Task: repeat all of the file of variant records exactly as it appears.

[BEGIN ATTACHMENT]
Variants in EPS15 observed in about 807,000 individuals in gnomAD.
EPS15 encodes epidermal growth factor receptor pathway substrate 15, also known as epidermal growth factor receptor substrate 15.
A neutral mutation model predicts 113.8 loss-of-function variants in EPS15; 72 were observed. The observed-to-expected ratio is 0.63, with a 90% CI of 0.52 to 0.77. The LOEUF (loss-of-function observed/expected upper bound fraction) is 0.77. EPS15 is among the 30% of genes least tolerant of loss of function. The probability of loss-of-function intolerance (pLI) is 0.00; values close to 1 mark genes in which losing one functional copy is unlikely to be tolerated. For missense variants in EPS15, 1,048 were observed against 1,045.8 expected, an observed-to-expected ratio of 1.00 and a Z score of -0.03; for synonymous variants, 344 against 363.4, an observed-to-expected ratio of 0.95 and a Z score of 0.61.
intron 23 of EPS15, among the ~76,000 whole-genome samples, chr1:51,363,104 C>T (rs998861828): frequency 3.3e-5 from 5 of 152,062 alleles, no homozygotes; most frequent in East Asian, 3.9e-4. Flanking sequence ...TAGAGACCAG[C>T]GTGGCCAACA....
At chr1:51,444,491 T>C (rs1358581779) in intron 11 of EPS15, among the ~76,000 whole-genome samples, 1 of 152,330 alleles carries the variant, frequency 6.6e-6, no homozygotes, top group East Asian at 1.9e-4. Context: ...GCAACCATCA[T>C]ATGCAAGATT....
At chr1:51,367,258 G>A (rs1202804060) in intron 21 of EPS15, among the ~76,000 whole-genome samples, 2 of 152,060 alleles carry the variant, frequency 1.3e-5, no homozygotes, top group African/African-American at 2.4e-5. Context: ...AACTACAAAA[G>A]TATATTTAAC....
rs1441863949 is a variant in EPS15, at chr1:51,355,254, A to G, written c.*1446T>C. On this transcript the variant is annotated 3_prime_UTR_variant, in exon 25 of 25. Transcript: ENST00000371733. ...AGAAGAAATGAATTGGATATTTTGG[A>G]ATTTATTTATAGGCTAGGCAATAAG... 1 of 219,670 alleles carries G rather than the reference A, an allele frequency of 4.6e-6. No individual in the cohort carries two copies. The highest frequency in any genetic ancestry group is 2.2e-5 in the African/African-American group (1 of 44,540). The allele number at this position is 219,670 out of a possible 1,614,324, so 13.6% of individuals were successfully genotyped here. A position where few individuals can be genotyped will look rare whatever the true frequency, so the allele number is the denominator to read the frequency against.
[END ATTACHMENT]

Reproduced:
Variants in EPS15 observed in about 807,000 individuals in gnomAD.
EPS15 encodes epidermal growth factor receptor pathway substrate 15, also known as epidermal growth factor receptor substrate 15.
A neutral mutation model predicts 113.8 loss-of-function variants in EPS15; 72 were observed. The observed-to-expected ratio is 0.63, with a 90% CI of 0.52 to 0.77. The LOEUF (loss-of-function observed/expected upper bound fraction) is 0.77. EPS15 is among the 30% of genes least tolerant of loss of function. The probability of loss-of-function intolerance (pLI) is 0.00; values close to 1 mark genes in which losing one functional copy is unlikely to be tolerated. For missense variants in EPS15, 1,048 were observed against 1,045.8 expected, an observed-to-expected ratio of 1.00 and a Z score of -0.03; for synonymous variants, 344 against 363.4, an observed-to-expected ratio of 0.95 and a Z score of 0.61.
intron 23 of EPS15, among the ~76,000 whole-genome samples, chr1:51,363,104 C>T (rs998861828): frequency 3.3e-5 from 5 of 152,062 alleles, no homozygotes; most frequent in East Asian, 3.9e-4. Flanking sequence ...TAGAGACCAG[C>T]GTGGCCAACA....
At chr1:51,444,491 T>C (rs1358581779) in intron 11 of EPS15, among the ~76,000 whole-genome samples, 1 of 152,330 alleles carries the variant, frequency 6.6e-6, no homozygotes, top group East Asian at 1.9e-4. Context: ...GCAACCATCA[T>C]ATGCAAGATT....
At chr1:51,367,258 G>A (rs1202804060) in intron 21 of EPS15, among the ~76,000 whole-genome samples, 2 of 152,060 alleles carry the variant, frequency 1.3e-5, no homozygotes, top group African/African-American at 2.4e-5. Context: ...AACTACAAAA[G>A]TATATTTAAC....
rs1441863949 is a variant in EPS15, at chr1:51,355,254, A to G, written c.*1446T>C. On this transcript the variant is annotated 3_prime_UTR_variant, in exon 25 of 25. Transcript: ENST00000371733. ...AGAAGAAATGAATTGGATATTTTGG[A>G]ATTTATTTATAGGCTAGGCAATAAG... 1 of 219,670 alleles carries G rather than the reference A, an allele frequency of 4.6e-6. No individual in the cohort carries two copies. The highest frequency in any genetic ancestry group is 2.2e-5 in the African/African-American group (1 of 44,540). The allele number at this position is 219,670 out of a possible 1,614,324, so 13.6% of individuals were successfully genotyped here. A position where few individuals can be genotyped will look rare whatever the true frequency, so the allele number is the denominator to read the frequency against.